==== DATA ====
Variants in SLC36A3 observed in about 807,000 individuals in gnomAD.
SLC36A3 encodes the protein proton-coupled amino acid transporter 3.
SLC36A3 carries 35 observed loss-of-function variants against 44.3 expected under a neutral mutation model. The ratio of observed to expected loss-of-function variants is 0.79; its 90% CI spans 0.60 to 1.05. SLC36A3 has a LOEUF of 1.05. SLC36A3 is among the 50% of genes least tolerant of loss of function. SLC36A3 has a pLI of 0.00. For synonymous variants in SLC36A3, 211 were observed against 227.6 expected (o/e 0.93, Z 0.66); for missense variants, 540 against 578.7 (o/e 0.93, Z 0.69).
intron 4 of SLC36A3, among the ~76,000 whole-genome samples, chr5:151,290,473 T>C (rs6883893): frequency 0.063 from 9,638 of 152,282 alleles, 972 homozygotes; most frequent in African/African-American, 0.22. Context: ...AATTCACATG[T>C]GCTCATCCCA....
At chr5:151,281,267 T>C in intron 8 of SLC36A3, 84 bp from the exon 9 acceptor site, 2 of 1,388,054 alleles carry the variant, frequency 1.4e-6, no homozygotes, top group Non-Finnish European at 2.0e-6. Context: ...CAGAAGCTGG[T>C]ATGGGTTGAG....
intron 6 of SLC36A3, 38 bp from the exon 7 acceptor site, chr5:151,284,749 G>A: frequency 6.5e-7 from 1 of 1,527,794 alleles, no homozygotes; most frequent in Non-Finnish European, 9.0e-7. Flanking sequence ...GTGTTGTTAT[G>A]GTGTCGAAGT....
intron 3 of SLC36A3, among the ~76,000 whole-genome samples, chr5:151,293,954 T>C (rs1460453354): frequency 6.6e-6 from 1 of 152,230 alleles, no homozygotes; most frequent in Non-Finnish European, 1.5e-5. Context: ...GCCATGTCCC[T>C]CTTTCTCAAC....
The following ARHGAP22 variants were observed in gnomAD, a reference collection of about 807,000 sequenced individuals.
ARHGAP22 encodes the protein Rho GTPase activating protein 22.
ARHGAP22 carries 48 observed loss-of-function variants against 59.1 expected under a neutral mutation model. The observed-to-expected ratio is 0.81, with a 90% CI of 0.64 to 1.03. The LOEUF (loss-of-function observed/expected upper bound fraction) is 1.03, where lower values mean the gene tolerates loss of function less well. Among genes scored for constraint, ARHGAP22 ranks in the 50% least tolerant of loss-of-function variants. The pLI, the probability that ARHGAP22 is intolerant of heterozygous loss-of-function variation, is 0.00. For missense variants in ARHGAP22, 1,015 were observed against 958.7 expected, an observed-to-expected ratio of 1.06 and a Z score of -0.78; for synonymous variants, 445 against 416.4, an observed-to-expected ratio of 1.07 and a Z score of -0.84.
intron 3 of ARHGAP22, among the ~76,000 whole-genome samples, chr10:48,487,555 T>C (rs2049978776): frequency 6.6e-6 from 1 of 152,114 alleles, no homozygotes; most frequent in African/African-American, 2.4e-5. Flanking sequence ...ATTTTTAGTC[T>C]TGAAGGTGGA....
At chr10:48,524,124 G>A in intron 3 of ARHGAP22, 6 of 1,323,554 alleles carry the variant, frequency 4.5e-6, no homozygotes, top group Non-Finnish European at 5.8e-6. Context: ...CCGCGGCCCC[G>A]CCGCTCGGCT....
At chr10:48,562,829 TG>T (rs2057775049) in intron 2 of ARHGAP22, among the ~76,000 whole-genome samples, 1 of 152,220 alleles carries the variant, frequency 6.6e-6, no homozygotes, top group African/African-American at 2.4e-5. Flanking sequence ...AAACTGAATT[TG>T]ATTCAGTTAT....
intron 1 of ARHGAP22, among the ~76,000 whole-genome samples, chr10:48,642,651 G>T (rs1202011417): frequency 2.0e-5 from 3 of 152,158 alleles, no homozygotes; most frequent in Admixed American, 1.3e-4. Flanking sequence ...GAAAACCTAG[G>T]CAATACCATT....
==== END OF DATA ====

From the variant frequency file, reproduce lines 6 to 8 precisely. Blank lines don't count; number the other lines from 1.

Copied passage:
intron 6 of SLC36A3, 38 bp from the exon 7 acceptor site, chr5:151,284,749 G>A: frequency 6.5e-7 from 1 of 1,527,794 alleles, no homozygotes; most frequent in Non-Finnish European, 9.0e-7. Flanking sequence ...GTGTTGTTAT[G>A]GTGTCGAAGT....
intron 3 of SLC36A3, among the ~76,000 whole-genome samples, chr5:151,293,954 T>C (rs1460453354): frequency 6.6e-6 from 1 of 152,230 alleles, no homozygotes; most frequent in Non-Finnish European, 1.5e-5. Context: ...GCCATGTCCC[T>C]CTTTCTCAAC....
The following ARHGAP22 variants were observed in gnomAD, a reference collection of about 807,000 sequenced individuals.